State police helicopter deaths

Lt. Pilot H. Jay Cullen, 48, of Midlothian, (left) and Trooper-Pilot Berke M.M. Bates, of Quinton, died in a helicopter crash on Aug. 12.

The Virginia State Police did not require training in an aerodynamic condition that contributed to the helicopter crash that killed two troopers who had been monitoring street clashes after the Unite the Right rally in Charlottesville almost three years ago, according to a National Transportation Safety Board investigation report released Wednesday.

The “factual report” does not address the probable cause of the crash that killed Lt. H. Jay Cullen — a veteran state police helicopter pilot — and Trooper-Pilot Berke M.M. Bates on Aug. 12, 2017. But the 10-page report found no record that Cullen had been trained in responding to a condition that may have caused the Bell helicopter to spin and roll before crashing in Albemarle County.

The NTSB report describes a phenomenon called a “vortex ring state” as an aerodynamic condition that causes a helicopter to descend rapidly in the downwash from its own rotor blades, making it subject to “uncommanded pitch and roll oscillations.”

The report says the training manual used by the Virginia State Police Aviation Unit did not list “vortex ring state” in sample lesson plans for initial or recurring training of pilots. The manual also said the maneuvers necessary to recover from the condition “were considered to be optional.”

It also finds no record that Cullen, 48, an 18-year veteran of the aviation unit, receiving training on how to recognize and recover from vortex ring state conditions on the make and model of helicopter he was flying at the time of the fatal crash. However, it noted “anecdotal information” that Cullen was aware of the phenomenon.

“The Virginia State Police received the National Transportation Safety Board (NTSB) Aviation Accident Factual Report late Wednesday and is currently reviewing its findings,” state police spokeswoman Corinne Geller said Wednesday night. “The Department is now awaiting the final ruling on the incident to be made by the NTSB Review Board, which will occur in the next 30 to 60 days.”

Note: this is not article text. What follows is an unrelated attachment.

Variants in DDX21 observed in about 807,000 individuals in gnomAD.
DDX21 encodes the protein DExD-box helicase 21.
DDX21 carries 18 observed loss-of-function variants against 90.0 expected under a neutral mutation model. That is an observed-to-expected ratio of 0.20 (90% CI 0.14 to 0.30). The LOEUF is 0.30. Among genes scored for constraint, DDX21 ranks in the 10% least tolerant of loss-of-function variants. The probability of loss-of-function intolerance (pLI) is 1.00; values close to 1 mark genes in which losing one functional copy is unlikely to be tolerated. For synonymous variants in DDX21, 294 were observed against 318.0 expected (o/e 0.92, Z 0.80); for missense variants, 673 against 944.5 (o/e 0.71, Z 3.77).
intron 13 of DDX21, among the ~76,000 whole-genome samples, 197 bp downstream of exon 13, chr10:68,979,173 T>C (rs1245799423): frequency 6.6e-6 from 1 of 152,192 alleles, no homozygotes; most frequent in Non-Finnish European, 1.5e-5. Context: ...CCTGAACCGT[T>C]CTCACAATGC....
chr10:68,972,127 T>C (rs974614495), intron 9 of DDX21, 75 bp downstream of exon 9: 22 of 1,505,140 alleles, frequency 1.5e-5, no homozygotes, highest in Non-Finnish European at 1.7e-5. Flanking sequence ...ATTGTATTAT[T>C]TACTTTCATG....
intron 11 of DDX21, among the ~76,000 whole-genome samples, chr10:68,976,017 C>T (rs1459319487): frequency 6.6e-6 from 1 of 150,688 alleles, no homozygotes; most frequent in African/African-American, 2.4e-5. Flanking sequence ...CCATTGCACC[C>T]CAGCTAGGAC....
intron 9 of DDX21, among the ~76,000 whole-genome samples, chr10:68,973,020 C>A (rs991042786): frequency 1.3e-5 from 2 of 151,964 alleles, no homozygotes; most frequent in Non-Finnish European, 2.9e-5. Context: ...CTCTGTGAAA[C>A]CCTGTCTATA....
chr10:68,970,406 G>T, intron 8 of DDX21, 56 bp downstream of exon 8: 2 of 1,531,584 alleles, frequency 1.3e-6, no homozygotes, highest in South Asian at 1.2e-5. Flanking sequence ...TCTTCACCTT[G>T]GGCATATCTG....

Cullen and Bates had been monitoring the aftermath of the Unite the Right rally, in which a counterprotester died after an Ohio man attending the rally, James Fields Jr., drove his car into a crowd on a street next to the Downtown Mall in Charlottesville.

About six minutes before the helicopter crash, Cullen and Bates were diverted to oversee the motorcade of then-Gov. Terry McAuliffe from state police headquarters next to Interstate 64 to a news conference in downtown Charlottesville.

McAuliffe had just landed at state police headquarters in a Fairfax County police helicopter when he heard a radio report about an aircraft going down.

He had recognized Trooper One, the helicopter that routinely flew him on gubernatorial business, circling above Charlottesville as he arrived from his home in Northern Virginia, where he had been monitoring the deadly clash between white nationalist groups and counterprotesters.

McAuliffe found out soon after he arrived at the news conference that the downed aircraft was indeed Trooper One and that two state police officers he knew well had died in the crash.

Cullen was commander of the state police Aviation Unit and Bates, 40, had helped protect the governor and his family for three years.

“It’s just heartbreaking,” McAuliffe said later that week. “The best of the best in state police.”

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